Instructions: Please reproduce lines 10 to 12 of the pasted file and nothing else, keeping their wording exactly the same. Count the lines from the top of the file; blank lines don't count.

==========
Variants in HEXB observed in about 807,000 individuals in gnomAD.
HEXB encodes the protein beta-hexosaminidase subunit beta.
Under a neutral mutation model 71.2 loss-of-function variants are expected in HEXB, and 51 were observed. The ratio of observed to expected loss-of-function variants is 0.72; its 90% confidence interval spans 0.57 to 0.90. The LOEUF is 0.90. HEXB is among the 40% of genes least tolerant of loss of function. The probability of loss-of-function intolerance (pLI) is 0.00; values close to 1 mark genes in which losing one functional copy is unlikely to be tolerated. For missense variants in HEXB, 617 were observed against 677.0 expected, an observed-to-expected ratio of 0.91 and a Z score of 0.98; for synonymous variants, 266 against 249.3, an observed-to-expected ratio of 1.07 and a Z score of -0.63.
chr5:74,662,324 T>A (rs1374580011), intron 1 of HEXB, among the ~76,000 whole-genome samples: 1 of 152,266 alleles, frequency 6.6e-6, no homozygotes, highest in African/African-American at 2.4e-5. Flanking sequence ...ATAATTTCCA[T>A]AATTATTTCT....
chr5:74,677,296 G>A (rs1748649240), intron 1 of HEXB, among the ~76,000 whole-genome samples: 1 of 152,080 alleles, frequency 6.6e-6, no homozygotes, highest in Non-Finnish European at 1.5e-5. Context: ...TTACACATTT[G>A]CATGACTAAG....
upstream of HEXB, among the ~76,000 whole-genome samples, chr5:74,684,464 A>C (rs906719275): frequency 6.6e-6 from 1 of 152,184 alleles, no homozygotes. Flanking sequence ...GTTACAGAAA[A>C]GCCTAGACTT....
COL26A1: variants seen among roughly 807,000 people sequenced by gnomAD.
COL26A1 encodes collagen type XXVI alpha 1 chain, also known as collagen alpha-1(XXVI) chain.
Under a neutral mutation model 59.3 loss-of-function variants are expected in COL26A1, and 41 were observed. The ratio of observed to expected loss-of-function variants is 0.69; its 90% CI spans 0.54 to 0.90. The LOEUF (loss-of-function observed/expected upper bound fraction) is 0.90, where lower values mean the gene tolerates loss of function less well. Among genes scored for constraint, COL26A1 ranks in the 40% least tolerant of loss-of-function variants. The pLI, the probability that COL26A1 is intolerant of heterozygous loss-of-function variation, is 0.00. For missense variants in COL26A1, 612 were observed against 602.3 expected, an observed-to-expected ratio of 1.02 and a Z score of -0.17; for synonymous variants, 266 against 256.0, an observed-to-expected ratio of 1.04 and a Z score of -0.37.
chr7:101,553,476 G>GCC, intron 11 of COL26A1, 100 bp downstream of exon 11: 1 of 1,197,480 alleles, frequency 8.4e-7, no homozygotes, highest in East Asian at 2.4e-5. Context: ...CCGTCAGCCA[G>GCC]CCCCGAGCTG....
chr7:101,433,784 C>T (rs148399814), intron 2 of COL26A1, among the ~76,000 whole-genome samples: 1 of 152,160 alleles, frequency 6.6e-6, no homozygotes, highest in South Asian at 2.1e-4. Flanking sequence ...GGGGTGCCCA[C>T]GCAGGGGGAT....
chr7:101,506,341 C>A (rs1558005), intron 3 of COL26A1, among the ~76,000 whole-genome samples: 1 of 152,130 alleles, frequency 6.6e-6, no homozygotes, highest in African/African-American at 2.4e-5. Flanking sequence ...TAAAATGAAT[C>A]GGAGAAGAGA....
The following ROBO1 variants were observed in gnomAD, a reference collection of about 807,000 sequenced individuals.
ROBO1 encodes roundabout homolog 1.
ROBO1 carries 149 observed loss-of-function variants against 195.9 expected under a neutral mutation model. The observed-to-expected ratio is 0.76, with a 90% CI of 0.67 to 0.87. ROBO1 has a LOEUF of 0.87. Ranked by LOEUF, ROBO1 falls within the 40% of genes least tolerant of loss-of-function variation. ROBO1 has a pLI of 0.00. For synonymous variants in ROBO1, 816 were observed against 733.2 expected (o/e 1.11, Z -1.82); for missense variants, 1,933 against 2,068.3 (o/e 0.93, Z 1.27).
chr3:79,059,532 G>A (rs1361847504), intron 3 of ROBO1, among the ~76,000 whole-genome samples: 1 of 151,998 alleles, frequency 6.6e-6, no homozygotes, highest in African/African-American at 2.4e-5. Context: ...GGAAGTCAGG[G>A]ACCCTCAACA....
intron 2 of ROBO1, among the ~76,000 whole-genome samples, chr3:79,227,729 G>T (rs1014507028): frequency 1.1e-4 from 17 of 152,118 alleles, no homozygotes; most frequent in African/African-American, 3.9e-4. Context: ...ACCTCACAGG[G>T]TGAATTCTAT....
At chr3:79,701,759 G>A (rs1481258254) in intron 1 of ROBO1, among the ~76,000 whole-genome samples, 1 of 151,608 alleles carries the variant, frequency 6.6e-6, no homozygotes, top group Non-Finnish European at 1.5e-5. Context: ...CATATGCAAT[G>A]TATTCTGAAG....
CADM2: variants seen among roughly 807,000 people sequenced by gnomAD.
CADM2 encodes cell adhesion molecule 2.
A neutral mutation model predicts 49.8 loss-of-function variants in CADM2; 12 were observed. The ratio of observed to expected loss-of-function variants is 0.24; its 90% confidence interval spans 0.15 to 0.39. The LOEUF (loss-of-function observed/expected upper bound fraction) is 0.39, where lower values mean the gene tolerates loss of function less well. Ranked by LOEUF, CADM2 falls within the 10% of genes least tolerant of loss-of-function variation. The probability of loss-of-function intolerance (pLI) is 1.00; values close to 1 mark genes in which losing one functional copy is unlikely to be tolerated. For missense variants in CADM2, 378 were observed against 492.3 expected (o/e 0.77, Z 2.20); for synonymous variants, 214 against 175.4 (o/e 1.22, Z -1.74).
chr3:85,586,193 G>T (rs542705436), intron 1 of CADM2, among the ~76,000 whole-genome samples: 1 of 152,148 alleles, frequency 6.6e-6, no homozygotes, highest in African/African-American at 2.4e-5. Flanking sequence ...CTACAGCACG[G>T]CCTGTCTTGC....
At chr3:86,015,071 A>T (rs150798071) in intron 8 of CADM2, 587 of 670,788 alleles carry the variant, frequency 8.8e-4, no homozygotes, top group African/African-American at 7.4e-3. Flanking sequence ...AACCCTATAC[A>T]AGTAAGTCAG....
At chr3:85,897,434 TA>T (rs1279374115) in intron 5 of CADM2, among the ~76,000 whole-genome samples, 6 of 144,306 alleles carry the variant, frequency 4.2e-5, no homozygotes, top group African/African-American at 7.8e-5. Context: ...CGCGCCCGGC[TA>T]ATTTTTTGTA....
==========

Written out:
chr7:101,553,476 G>GCC, intron 11 of COL26A1, 100 bp downstream of exon 11: 1 of 1,197,480 alleles, frequency 8.4e-7, no homozygotes, highest in East Asian at 2.4e-5. Context: ...CCGTCAGCCA[G>GCC]CCCCGAGCTG....
chr7:101,433,784 C>T (rs148399814), intron 2 of COL26A1, among the ~76,000 whole-genome samples: 1 of 152,160 alleles, frequency 6.6e-6, no homozygotes, highest in South Asian at 2.1e-4. Flanking sequence ...GGGGTGCCCA[C>T]GCAGGGGGAT....
chr7:101,506,341 C>A (rs1558005), intron 3 of COL26A1, among the ~76,000 whole-genome samples: 1 of 152,130 alleles, frequency 6.6e-6, no homozygotes, highest in African/African-American at 2.4e-5. Flanking sequence ...TAAAATGAAT[C>A]GGAGAAGAGA....